How to Keep Rats Away from your Chicken Coop
One of the most common questions we get from people who are thinking about keeping chickens is…
“Will keeping chickens attract rats?”
With rats having the ability to spread a number of diseases to chickens and even eat baby chicks, don’t be fooled by the size of these small furies; they’re definitely not one you want around your chicken coop. This being said, don’t let this put you off keeping chickens, as the important thing to note with this is that it’s not actually the chickens themselves that attract rats, but rather their feed.
Now that we know this, thinking about how we can prevent rats from invading our gardens and then into the chicken coop doesn’t seem such a daunting task after all. Here is our advice on how you can steer clear of a potential rat infestation in your coop, therefore keep your flock safe and avoid damage to your coop.
Store All Chicken Feed in Secure Bins with Lids
Keeping your chickens’ feed as secure and well-sealed as possible is key here. It’s a good idea to store feed in airtight bins to reduce any smell which might attract unwanted visitors. As we earlier discovered, rats are drawn to food sources, i.e. your chickens’ feed, and with these rodents having such an excellent sense of smell, they’ll be bound to quickly find out how to access your chickens’ feed, should it not be properly secured.
Only Throw The Food on The Ground Which You Know Your Chickens Will Eat
Only throwing what you know your chickens will consume during the day will help you to reduce the amount of leftover, or spilled feed, in the grass. This therefore, prevents rats from making their way into the chicken coop. Alternatively, you can use a corn dispenser such as the Peck Toy, which can be filled with your chickens’ feed, should you not want to throw food on the ground. You can also try out a feed ball holder like the Caddi. Both interactive feeders will not only improve run cleanliness and prevent pests, but also help keep your flock entertained, as a bonus.
Remove All Feeders from the Run at Night Time
Rats are nocturnal creatures, so you’ll find that they’re most active at night, due to their poor vision. During the day, rats are highly sensitive to light, which means that their eyesight is extremely blurred in the daytime. Rats love being out at night because it gives them more of an advantage in that they can see their predators.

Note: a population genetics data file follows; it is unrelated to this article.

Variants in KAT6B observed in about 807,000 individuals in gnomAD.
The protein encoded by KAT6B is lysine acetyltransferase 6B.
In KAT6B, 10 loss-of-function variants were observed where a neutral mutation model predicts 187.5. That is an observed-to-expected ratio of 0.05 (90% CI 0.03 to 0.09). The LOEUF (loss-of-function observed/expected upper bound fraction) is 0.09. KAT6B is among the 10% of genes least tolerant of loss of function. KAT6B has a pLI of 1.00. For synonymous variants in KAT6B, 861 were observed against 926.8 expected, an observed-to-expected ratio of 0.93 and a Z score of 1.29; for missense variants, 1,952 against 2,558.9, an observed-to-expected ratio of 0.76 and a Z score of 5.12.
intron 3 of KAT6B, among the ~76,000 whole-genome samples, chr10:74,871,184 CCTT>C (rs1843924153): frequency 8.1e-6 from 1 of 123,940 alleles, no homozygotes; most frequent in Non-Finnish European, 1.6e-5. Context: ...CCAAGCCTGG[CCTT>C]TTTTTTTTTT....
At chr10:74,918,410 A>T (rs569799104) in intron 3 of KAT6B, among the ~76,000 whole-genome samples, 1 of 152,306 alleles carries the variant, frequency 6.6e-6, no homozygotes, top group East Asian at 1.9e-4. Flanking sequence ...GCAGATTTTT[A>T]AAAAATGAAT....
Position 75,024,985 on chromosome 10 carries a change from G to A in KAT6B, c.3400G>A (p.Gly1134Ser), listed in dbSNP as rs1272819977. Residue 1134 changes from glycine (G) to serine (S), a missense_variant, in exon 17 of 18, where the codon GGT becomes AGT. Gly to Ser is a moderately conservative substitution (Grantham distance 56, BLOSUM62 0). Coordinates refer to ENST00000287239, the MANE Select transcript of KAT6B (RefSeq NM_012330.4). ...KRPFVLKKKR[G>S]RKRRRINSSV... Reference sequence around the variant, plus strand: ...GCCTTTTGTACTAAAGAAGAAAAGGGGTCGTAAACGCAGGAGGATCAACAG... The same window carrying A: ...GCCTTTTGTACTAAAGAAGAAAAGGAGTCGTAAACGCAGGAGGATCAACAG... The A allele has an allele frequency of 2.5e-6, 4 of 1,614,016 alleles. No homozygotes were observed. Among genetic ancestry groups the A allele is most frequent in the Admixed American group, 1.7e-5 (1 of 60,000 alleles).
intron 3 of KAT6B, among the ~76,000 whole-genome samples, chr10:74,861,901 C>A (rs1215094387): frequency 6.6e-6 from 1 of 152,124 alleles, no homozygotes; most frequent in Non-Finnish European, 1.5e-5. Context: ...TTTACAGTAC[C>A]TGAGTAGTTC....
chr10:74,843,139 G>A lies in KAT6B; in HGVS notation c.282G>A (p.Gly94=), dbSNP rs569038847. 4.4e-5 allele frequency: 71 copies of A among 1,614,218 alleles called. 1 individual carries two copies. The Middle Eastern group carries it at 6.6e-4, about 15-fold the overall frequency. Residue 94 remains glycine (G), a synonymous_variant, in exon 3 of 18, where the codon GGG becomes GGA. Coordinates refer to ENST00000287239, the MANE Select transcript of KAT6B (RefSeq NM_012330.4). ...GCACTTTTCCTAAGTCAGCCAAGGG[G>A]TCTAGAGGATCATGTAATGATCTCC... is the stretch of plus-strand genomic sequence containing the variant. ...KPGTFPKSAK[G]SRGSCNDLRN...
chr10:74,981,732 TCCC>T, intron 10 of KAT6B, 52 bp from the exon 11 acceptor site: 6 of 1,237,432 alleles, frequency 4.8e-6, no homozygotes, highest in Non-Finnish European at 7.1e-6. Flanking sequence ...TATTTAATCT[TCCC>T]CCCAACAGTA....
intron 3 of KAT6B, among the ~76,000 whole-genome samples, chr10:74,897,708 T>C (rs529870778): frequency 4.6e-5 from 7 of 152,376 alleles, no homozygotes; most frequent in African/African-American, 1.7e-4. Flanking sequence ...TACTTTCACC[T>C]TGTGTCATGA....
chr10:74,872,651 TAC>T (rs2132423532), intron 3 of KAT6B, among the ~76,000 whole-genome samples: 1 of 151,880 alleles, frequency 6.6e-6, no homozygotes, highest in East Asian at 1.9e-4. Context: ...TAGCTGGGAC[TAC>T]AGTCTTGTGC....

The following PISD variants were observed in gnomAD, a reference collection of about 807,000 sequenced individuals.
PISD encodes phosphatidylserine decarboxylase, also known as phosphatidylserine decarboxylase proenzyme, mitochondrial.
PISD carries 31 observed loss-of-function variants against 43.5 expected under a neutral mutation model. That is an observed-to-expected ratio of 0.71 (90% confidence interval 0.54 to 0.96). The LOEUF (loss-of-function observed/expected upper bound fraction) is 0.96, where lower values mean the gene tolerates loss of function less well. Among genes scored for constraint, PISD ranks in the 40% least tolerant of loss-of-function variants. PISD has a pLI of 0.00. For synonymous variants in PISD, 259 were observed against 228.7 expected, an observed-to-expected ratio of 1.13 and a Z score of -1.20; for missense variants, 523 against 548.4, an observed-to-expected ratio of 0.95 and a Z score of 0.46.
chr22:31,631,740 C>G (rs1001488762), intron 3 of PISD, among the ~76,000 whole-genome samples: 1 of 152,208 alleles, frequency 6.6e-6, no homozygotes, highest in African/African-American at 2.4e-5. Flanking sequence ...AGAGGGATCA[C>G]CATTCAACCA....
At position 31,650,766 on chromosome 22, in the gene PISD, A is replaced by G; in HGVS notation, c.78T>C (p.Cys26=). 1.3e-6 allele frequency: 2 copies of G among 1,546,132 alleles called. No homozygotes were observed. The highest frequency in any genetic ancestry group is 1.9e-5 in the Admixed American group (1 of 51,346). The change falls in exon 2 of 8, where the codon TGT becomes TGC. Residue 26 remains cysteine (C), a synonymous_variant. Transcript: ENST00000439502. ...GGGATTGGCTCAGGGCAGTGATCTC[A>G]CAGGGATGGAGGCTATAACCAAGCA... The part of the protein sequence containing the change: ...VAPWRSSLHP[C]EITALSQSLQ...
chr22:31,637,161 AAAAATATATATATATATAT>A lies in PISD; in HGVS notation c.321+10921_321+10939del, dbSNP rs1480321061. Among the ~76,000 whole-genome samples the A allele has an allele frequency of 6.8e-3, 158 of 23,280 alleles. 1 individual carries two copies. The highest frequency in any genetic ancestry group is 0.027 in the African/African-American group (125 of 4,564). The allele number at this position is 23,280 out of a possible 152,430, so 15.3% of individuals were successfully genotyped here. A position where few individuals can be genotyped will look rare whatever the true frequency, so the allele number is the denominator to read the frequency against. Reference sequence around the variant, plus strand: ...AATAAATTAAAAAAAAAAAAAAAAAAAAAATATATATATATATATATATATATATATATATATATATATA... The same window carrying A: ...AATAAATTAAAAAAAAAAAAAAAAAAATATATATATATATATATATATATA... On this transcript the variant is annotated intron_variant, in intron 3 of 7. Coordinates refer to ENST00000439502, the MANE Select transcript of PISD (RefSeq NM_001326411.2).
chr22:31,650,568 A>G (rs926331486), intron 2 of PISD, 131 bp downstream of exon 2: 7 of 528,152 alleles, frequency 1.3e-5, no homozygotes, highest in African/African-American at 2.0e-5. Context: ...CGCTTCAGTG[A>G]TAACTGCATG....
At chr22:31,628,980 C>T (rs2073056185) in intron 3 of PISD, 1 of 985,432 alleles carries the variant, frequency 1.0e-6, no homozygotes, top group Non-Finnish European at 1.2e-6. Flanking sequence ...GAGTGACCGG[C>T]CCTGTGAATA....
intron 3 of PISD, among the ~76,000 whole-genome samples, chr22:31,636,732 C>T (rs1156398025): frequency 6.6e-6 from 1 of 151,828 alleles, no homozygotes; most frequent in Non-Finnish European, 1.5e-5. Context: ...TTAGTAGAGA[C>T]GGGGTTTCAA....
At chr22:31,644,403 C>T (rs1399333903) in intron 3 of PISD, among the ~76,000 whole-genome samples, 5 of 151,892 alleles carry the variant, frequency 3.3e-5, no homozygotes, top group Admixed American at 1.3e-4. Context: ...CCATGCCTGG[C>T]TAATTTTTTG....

You will therefore need to continue to take measures after your chickens have gone to sleep, in order to keep your coop safe at night as well. You can do this by securely covering or even entirely removing the chicken feeder and treat dispenser (or multiple) at nightfall, and then returning them to the run in the morning. Chickens are usually closed up in their coop at night so don’t worry about them missing out on a midnight snack!
Hang Compact Discs in The Run
You can also try this surprising tip to help keep rats at bay from the chicken coop. All you’ll need for this one are a few old CDs (if you still have any lying about!). Rumour has it, the way that CDs reflect light startles and upsets rats, which may be enough to put them off getting close to your coop. Try this by hanging up your old CDs with a piece of string in your run and see if it works to keep pests away from the chicken coop too.
Collect Eggs Every Day
A rat problem can also occur when eggs are not collected regularly. Rats are attracted to your chickens’ eggs for food as well, so this poses another temptation. It’s important to keep on top of collecting eggs daily, which is a habit you should get into, regardless of whether you suspect any rats in the chicken coop. Should you forget however, a secure coop like the Omlet Eglu coop will help to prevent any egg theft from nesting boxes.
Hopefully after using a few of our tips and tricks, you can keep your coop rat-free. It’s always best to try and prevent a potential problem with keeping rodents away from chicken coops in the first place rather than finding yourself in a situation whereby you have to get rid of rats using rat traps and poison as a last resort.
This entry was posted in Chickens